But our April issue of CropLife is out, and, I was lucky enough to have the cover story and highlighted some of the information and discussions I had with, Bayer and Valiant USA, and, a Q&A with the Mosaic folks as well.

And so, CropLife, the digital edition, is online. Folks that want to look at that can visit croplife.com/magazine for the digital edition and you can check that out. But, there is so much to go over, like I said. But one thing that our last visit when we were in North Carolina, was with the third party testing lab.

The name of the lab is Avazyme Lab. Volker Bornemann is the president and CEO. We met with Volker and his research scientist, Jen Heath. And, well, we really learned a lot. It was a nice way to kind of conclude the trip after, talking with folks from Bayer, BASF, Nufarm, etc..

It really kind of helped Todd tie the bow on what we were seeing. And, you know, it’s such a, hotbed really for, activity and, larger by a rational bio, a biological space. So it was really helpful to kind of conclude with that visit with Volker. But, he actually came, up through BASF early in his career and, 2014, he started the lab down in the RTP area. Most of the work they’re doing right now is with the biopesticides companies, particularly those, of course, that don’t have that R&D that the huge agribusiness companies have.

Doing that in-house. He is doing work for both biopesticides, as well as conventional chemistries. They do a lot of custom work. So they’re in the ag space. They’re in pharma and food as well. And, really, they have a fantastic lab.

They’re a smaller company that’s able to really move quickly. Somebody needs the work done, custom work done. Well, they’ll kind of do the whole thing from A to Z. Due to their size and their expertise, that’s where they’ve really carved out a niche for themselves as far as a third-party testing lab and that space.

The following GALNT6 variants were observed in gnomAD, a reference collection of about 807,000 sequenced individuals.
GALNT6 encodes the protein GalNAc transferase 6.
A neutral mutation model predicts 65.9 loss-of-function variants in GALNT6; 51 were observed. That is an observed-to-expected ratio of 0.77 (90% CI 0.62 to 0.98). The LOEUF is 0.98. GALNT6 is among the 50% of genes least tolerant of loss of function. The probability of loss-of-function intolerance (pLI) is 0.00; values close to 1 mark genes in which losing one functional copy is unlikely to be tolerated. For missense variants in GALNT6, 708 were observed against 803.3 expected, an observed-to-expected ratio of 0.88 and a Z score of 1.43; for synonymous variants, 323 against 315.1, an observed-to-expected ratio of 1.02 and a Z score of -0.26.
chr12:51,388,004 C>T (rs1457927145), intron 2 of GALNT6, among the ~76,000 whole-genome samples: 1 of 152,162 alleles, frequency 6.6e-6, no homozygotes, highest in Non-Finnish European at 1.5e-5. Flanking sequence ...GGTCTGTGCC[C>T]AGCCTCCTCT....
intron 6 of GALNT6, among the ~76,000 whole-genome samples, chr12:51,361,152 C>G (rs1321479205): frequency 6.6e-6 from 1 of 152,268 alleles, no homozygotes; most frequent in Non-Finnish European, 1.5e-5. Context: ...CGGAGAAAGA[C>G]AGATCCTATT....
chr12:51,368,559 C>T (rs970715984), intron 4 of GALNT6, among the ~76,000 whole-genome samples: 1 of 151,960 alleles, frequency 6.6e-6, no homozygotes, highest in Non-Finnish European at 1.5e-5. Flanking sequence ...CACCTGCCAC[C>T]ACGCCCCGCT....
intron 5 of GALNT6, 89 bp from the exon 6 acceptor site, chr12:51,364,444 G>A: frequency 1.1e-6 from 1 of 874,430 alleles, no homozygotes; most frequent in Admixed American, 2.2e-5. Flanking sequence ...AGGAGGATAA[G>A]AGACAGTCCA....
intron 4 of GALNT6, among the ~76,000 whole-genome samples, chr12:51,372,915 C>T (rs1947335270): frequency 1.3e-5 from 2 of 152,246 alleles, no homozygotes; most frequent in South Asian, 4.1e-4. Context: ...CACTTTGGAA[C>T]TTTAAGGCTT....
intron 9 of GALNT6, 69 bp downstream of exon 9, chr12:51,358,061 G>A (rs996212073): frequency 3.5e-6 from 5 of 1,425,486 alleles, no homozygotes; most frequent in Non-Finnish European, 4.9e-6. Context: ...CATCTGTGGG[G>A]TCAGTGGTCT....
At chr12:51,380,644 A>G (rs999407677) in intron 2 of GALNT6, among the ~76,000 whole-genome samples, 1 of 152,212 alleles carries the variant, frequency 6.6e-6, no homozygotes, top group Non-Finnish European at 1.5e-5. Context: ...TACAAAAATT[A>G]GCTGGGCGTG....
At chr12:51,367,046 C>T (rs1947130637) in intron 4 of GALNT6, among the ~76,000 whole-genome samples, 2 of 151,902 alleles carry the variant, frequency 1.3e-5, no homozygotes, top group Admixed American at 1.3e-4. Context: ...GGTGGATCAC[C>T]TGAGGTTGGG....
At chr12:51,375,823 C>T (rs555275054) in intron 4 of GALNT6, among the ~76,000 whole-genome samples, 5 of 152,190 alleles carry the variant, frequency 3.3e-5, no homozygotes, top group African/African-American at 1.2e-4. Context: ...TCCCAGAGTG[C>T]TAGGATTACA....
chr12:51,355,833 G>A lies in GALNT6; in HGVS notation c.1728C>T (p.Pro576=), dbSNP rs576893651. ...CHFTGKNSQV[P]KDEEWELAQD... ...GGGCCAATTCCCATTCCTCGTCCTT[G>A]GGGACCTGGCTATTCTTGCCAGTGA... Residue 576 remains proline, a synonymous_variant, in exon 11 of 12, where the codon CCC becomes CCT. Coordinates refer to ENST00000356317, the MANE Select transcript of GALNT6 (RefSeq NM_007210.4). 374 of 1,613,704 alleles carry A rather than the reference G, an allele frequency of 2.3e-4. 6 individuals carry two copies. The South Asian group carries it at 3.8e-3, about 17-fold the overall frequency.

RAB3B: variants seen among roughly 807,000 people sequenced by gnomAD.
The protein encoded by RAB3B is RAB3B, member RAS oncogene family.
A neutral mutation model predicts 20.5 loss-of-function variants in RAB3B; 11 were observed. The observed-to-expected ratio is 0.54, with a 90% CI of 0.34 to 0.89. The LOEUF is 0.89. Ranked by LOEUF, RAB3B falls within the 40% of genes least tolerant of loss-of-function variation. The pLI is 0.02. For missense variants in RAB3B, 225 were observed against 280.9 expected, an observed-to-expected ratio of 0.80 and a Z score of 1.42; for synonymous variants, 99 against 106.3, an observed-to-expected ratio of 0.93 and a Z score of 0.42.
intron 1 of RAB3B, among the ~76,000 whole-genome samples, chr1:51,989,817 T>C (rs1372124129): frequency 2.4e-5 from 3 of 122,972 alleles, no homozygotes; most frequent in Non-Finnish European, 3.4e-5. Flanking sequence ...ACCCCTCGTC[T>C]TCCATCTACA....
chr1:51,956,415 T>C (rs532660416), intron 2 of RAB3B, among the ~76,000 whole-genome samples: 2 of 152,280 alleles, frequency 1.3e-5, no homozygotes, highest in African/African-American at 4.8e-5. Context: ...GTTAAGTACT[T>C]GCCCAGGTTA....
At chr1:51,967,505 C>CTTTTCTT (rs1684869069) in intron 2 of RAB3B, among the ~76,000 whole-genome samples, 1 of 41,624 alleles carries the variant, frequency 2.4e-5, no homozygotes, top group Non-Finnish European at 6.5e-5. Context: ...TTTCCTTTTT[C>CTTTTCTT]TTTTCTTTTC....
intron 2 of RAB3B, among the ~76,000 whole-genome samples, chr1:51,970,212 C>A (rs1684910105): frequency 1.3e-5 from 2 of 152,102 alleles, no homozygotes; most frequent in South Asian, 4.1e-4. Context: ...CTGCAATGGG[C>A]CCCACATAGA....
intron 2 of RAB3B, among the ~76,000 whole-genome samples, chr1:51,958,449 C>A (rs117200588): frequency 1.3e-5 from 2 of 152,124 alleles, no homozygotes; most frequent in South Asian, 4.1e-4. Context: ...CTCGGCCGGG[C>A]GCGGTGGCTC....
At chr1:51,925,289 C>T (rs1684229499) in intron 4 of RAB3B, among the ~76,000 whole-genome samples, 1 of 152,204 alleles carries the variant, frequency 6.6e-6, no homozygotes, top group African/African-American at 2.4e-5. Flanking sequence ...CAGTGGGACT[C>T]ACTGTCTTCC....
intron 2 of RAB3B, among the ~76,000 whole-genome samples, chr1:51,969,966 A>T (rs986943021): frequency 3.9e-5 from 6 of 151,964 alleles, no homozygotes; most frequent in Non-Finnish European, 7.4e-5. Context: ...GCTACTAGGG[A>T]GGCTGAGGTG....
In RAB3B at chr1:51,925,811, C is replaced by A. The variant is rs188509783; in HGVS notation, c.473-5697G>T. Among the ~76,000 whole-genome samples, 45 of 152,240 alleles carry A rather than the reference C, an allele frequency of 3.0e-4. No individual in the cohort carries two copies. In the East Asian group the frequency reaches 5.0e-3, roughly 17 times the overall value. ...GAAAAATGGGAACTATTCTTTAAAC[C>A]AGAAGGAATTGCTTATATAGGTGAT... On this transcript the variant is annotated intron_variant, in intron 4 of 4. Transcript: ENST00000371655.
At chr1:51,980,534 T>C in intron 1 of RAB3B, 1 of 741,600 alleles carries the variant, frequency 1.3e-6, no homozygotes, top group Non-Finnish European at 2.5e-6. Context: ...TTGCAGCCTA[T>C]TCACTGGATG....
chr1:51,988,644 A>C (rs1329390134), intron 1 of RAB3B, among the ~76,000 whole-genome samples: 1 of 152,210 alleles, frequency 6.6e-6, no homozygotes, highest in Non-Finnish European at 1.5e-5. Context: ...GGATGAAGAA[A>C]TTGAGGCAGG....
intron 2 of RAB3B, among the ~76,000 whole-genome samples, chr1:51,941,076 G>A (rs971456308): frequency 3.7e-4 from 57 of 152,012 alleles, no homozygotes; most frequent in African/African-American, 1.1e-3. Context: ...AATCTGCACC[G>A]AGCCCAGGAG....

So, they really have a nice little piece of business there that they attend to. In fact, we were even learning about microtoxins. And, again, our colleague Rick and I were just furiously writing notes. And we, were able to get a nice little tour of the lab. But, I did want to say thanks again to Volker and Jen for their hospitality and for showing us around.

We also had a wonderful visit with the folks at BASF. Talked to a lot of people, and they have a sustainability center that is out of sight. Absolutely incredible. And so often when I’m talking to people and I’m sure you’ve heard this as well, I hear people say, you know, as, people in the ag space, sometimes we need to tell our story better. There seems to be a disconnect, not only within the industry, but certainly with others outside.

Boy, talk about telling the story. This sustainability center, we now have some pictures that we can share in the coming week or so. Just incredible. Not only did they host people within the industry, but school groups and outside groups.

Overall, just a fantastic trip. So yeah, it sounds it sounds like a really good trip in years. As viewers, as Laura mentioned in, in the upcoming weeks, we’ll have some more information as each digests gets a little bit of sleep and, digs through all our photographs and finds the best ones to share.

ES: So stay tuned for more information on these companies. But again, thanks to all of them that rolled out the red carpet for you and Mr. Rick Welder to come and visit and find out more about what was going on with them in the marketplace. So absolutely. Well, before I leave the topic section completely, I have an item to share.

I ran across. This is kind of interesting piece from our friends at Bayer. Of course, you know, they’ve been in the news a lot in recent years because, of course, they’ve had all these court battles, involving glyphosate and, you know, basically spent a lot of time in the courtroom. But they actually are doing a little lab work. And there was an item I ran across that said that Bayer is hopeful that they’re going to be able to introduce what they’re calling a substitute for glyphosate, a new active ingredient. And they’re hoping to get out into the marketplace in the next four years by 2028. And according to their chief executive, Bill Anderson, he said that they are currently testing this new substance on plants right now. So, again, they’re hoping that within the next four years, this substitute for glyphosate will be introduced into the crop protection market for agriculture.

So stay tuned on that.